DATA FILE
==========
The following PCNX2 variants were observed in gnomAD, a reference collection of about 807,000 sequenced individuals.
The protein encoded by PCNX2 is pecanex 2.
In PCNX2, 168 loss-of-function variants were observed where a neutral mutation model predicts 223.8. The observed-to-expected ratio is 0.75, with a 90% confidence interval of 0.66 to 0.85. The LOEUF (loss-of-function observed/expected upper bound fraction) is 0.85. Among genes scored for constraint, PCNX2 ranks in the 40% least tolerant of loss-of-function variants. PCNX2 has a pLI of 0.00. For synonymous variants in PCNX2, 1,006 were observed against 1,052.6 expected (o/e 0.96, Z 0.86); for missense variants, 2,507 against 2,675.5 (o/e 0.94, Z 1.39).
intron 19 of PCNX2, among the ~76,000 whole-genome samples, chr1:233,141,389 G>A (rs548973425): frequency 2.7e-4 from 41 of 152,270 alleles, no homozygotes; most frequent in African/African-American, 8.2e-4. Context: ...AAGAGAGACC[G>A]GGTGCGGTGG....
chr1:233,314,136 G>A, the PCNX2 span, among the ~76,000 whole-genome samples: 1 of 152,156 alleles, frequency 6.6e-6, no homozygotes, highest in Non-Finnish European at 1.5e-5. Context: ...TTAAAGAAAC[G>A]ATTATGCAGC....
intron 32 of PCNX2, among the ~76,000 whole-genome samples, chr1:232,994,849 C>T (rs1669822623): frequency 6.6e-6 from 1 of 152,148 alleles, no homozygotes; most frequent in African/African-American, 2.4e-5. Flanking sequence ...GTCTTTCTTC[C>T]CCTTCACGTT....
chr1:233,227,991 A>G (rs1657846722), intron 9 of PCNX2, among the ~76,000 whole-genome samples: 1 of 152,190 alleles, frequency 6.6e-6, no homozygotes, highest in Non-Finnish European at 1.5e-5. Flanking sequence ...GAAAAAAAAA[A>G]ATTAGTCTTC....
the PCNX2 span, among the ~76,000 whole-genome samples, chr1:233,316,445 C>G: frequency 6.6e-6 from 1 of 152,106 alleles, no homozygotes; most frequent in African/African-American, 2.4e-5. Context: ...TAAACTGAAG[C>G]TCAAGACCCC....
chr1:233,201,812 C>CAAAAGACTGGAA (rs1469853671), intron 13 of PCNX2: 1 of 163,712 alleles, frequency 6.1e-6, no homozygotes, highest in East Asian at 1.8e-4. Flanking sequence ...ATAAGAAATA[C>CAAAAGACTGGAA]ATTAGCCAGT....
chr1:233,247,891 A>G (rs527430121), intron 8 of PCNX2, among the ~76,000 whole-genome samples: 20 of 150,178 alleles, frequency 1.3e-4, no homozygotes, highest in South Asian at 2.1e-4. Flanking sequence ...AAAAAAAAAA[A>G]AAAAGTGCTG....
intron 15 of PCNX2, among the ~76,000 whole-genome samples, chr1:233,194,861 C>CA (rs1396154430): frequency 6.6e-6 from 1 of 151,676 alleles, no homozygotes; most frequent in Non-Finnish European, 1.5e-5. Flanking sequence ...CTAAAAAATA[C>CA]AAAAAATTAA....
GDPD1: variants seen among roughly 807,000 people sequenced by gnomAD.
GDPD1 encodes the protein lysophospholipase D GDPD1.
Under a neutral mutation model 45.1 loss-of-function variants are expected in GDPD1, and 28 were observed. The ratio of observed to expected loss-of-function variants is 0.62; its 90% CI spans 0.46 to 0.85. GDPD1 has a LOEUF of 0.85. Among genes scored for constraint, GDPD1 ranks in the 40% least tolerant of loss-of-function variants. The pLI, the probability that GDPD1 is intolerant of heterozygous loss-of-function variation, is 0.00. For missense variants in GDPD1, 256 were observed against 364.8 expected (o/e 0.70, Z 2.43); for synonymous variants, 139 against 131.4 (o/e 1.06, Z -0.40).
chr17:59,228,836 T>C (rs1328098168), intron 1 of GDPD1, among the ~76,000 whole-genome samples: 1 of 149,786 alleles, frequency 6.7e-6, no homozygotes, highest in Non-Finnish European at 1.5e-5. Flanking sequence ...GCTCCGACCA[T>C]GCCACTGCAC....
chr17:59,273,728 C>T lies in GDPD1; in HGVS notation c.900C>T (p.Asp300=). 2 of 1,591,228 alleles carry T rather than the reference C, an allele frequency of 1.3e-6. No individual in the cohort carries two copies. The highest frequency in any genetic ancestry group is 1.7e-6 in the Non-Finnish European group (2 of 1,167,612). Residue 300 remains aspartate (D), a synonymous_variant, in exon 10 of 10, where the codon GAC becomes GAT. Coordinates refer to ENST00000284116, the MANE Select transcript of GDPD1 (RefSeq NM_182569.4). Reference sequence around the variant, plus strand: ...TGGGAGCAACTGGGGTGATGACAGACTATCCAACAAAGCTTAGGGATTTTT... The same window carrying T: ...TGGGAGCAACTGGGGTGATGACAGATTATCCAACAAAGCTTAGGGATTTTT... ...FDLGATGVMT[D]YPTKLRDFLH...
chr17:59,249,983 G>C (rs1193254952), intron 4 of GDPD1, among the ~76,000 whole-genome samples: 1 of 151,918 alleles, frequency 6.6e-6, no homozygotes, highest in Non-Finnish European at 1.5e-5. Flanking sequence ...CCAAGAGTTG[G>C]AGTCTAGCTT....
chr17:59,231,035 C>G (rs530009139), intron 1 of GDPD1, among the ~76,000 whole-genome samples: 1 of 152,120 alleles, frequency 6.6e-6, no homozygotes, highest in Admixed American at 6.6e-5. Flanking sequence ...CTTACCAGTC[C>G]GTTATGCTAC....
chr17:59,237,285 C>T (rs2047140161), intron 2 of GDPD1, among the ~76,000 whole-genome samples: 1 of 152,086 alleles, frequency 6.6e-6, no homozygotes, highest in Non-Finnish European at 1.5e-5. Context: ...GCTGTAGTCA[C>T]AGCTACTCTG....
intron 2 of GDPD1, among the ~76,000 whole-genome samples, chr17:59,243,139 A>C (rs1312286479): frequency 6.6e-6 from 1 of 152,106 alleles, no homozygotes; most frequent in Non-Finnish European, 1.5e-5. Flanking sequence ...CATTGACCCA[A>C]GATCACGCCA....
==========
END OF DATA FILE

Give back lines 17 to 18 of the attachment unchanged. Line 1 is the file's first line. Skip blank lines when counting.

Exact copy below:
chr17:59,249,983 G>C (rs1193254952), intron 4 of GDPD1, among the ~76,000 whole-genome samples: 1 of 151,918 alleles, frequency 6.6e-6, no homozygotes, highest in Non-Finnish European at 1.5e-5. Flanking sequence ...CCAAGAGTTG[G>C]AGTCTAGCTT....
chr17:59,231,035 C>G (rs530009139), intron 1 of GDPD1, among the ~76,000 whole-genome samples: 1 of 152,120 alleles, frequency 6.6e-6, no homozygotes, highest in Admixed American at 6.6e-5. Flanking sequence ...CTTACCAGTC[C>G]GTTATGCTAC....